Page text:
I have slightly mixed feelings about this as I occasionally teach a class on how to write a press release that is so like a 'proper' news story that it will get published just the way you've written it. Good PR is about getting the message across and winning those all important column inches, of course, and in the case of my students the message is usually something along the lines of local-author-signs-books-at-out-of-town-community-centre and they need all the help they can get to have anyone pop along who hasn't been bribed by the promise of a pint afterwards or is related by blood...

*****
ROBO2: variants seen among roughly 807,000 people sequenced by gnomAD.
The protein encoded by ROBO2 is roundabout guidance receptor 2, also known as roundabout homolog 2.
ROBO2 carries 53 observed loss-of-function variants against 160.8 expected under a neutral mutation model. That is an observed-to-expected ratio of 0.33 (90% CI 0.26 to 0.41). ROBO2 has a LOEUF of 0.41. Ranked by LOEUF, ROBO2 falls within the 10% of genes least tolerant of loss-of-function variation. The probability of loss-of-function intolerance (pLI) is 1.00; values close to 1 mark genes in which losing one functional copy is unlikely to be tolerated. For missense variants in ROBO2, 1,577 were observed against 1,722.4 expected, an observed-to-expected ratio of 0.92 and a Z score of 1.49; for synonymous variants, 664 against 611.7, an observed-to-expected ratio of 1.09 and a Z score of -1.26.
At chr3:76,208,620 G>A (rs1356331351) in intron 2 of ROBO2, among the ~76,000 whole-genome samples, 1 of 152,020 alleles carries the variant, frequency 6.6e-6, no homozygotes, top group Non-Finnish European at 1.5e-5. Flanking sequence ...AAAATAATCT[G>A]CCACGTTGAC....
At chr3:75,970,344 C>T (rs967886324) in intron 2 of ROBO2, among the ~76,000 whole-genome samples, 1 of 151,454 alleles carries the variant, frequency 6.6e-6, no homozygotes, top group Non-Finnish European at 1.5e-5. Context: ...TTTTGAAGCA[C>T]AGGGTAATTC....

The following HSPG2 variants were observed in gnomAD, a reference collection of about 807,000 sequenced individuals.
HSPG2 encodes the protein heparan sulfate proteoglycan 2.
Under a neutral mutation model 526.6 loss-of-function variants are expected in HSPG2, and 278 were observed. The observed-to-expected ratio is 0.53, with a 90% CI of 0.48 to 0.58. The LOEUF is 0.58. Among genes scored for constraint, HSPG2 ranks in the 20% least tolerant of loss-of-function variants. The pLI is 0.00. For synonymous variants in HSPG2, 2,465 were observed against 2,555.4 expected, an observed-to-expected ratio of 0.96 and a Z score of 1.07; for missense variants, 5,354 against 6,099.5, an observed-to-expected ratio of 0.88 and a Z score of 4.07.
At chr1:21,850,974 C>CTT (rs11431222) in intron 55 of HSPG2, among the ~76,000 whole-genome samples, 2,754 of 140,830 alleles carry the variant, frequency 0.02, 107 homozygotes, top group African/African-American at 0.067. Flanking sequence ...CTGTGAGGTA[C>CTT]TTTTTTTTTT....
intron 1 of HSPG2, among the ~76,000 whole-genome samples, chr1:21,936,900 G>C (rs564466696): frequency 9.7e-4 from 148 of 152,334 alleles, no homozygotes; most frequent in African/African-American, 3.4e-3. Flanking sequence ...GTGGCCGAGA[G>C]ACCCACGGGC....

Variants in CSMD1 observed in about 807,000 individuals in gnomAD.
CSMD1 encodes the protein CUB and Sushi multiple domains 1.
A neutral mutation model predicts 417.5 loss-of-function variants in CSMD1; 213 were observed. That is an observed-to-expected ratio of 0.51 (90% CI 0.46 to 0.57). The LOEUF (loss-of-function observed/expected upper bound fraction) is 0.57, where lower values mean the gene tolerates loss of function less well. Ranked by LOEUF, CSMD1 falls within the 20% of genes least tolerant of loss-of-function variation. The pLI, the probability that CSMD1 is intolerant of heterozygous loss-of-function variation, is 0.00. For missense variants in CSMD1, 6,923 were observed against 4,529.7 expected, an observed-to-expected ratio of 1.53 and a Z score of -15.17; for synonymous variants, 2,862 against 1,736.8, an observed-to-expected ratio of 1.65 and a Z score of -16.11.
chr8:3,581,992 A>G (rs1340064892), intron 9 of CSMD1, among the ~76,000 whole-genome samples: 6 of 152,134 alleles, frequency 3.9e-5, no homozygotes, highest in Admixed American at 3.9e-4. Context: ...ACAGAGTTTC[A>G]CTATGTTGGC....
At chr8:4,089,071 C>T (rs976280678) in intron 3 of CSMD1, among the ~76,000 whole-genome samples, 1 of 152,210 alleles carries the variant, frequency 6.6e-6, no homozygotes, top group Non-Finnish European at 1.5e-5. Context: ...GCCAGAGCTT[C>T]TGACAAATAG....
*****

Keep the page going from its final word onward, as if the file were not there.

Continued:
But what about the big stories? Are they the product of a journalist asking questions or a very biased press release?
You can find out by visiting Churnalism, an independant website set up by a media charity. (Click on the title of this post to go straight there.) All you have do is paste in any news story that raises your suspicions.
‘Churnalism’ is defined as a news article that is published as journalism, but is essentially a press release without much added.
I predict that we are going to see more and more churned out stories as staffing levels in editorial departments are slashed. And when it comes to things that matter we do need people to ask questions.